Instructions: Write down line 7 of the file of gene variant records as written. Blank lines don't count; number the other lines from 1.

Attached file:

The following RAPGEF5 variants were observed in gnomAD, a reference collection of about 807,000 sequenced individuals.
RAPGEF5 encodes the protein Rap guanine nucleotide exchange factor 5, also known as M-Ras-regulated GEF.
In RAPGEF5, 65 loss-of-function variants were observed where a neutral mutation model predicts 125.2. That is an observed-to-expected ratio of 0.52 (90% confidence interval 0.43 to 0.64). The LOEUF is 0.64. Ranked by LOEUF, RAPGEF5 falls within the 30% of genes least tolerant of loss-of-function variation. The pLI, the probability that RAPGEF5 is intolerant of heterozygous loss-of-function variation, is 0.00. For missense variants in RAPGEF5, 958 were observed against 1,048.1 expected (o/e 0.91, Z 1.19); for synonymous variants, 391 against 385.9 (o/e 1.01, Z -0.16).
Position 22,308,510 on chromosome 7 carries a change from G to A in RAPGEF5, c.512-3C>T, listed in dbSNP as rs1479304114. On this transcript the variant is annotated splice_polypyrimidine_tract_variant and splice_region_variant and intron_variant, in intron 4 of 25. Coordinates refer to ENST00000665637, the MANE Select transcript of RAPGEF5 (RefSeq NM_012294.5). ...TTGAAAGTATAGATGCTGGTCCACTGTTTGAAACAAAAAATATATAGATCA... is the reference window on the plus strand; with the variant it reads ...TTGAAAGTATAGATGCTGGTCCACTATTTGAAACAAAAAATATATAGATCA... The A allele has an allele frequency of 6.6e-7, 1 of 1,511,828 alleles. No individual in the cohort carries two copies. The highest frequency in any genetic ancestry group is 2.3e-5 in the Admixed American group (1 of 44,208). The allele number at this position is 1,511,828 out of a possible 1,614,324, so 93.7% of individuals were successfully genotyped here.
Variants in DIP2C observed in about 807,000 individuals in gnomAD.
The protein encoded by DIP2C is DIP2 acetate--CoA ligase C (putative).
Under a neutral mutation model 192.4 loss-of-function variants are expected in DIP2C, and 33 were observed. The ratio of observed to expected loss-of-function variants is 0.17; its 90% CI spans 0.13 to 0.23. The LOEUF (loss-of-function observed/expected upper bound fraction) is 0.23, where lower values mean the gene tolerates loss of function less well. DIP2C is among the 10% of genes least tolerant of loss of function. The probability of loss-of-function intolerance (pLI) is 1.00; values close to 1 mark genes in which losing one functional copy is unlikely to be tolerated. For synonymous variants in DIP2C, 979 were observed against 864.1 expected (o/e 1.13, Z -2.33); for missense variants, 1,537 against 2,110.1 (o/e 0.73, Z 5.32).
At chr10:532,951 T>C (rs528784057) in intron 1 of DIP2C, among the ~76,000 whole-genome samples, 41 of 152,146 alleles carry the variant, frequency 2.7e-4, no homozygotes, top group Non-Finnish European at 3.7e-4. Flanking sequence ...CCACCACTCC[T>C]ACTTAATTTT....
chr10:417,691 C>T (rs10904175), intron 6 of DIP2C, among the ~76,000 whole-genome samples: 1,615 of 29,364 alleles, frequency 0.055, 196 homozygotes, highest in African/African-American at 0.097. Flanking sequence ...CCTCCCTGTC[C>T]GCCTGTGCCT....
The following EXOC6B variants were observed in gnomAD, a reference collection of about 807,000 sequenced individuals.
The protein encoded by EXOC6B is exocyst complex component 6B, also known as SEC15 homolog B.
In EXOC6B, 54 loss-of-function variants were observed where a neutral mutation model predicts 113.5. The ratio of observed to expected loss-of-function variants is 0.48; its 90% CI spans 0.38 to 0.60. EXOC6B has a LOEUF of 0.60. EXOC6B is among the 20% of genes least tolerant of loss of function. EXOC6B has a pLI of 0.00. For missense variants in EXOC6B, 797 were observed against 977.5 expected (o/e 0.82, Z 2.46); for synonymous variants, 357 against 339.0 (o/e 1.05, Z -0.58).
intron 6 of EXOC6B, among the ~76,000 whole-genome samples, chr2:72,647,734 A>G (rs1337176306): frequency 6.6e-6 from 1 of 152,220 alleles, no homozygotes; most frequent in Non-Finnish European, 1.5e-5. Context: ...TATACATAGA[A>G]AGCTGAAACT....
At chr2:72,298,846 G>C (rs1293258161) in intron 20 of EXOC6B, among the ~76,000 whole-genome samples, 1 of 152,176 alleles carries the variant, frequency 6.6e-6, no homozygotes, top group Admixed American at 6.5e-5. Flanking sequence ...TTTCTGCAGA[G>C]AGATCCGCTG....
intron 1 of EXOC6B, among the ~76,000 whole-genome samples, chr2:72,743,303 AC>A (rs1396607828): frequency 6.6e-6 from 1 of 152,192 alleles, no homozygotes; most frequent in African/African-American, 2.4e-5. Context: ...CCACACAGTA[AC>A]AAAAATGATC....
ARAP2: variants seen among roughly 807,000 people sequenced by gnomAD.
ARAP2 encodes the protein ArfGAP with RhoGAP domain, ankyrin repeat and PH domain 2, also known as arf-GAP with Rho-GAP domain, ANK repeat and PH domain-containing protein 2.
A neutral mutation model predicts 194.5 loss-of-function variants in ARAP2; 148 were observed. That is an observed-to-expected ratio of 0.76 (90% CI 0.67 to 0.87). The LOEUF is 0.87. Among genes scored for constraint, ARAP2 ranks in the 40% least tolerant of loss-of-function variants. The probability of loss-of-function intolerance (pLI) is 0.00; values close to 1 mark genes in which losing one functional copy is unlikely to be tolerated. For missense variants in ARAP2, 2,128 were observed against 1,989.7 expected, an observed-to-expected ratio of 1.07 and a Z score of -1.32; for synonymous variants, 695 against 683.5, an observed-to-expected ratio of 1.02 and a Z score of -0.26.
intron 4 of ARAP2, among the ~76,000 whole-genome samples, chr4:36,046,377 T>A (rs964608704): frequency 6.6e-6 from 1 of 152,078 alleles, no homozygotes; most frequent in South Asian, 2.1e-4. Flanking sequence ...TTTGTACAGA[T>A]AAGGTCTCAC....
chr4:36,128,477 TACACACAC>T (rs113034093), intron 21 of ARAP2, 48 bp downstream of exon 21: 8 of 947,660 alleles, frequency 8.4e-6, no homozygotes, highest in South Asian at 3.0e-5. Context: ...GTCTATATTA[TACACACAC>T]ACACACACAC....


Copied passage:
Under a neutral mutation model 192.4 loss-of-function variants are expected in DIP2C, and 33 were observed. The ratio of observed to expected loss-of-function variants is 0.17; its 90% CI spans 0.13 to 0.23. The LOEUF (loss-of-function observed/expected upper bound fraction) is 0.23, where lower values mean the gene tolerates loss of function less well. DIP2C is among the 10% of genes least tolerant of loss of function. The probability of loss-of-function intolerance (pLI) is 1.00; values close to 1 mark genes in which losing one functional copy is unlikely to be tolerated. For synonymous variants in DIP2C, 979 were observed against 864.1 expected (o/e 1.13, Z -2.33); for missense variants, 1,537 against 2,110.1 (o/e 0.73, Z 5.32).